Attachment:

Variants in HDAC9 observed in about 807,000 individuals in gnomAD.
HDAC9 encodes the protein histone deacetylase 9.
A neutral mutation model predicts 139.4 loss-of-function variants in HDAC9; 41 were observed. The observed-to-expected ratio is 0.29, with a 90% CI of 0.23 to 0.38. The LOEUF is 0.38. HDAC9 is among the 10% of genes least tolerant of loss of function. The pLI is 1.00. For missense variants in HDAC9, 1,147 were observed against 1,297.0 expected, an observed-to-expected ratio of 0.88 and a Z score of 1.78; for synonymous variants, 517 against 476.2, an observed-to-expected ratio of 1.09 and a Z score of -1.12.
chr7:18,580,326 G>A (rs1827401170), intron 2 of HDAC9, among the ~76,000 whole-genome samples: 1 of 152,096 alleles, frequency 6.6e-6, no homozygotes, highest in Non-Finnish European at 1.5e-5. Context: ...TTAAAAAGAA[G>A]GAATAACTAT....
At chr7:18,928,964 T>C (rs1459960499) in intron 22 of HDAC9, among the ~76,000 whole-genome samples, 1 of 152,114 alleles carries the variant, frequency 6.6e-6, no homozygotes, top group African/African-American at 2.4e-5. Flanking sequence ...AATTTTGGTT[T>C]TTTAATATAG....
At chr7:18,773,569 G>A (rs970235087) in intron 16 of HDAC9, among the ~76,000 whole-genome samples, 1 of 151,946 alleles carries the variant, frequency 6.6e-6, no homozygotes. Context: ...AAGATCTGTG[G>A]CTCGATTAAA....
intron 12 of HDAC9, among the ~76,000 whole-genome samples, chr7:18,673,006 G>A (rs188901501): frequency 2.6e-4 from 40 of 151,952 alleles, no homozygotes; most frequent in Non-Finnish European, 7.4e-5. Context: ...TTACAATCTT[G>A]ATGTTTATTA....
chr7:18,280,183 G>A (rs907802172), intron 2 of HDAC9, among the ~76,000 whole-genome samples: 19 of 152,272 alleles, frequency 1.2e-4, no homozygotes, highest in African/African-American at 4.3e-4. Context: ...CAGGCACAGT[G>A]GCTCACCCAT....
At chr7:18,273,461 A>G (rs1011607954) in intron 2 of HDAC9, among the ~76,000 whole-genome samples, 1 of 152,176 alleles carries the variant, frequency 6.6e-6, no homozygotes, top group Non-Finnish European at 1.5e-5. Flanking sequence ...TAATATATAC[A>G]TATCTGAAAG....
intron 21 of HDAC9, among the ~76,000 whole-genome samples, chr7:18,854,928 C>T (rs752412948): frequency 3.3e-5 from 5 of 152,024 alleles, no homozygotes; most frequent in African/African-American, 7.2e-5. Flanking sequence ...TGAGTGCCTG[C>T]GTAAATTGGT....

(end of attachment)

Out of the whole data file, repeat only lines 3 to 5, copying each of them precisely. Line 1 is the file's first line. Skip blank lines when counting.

A neutral mutation model predicts 139.4 loss-of-function variants in HDAC9; 41 were observed. The observed-to-expected ratio is 0.29, with a 90% CI of 0.23 to 0.38. The LOEUF is 0.38. HDAC9 is among the 10% of genes least tolerant of loss of function. The pLI is 1.00. For missense variants in HDAC9, 1,147 were observed against 1,297.0 expected, an observed-to-expected ratio of 0.88 and a Z score of 1.78; for synonymous variants, 517 against 476.2, an observed-to-expected ratio of 1.09 and a Z score of -1.12.
chr7:18,580,326 G>A (rs1827401170), intron 2 of HDAC9, among the ~76,000 whole-genome samples: 1 of 152,096 alleles, frequency 6.6e-6, no homozygotes, highest in Non-Finnish European at 1.5e-5. Context: ...TTAAAAAGAA[G>A]GAATAACTAT....
At chr7:18,928,964 T>C (rs1459960499) in intron 22 of HDAC9, among the ~76,000 whole-genome samples, 1 of 152,114 alleles carries the variant, frequency 6.6e-6, no homozygotes, top group African/African-American at 2.4e-5. Flanking sequence ...AATTTTGGTT[T>C]TTTAATATAG....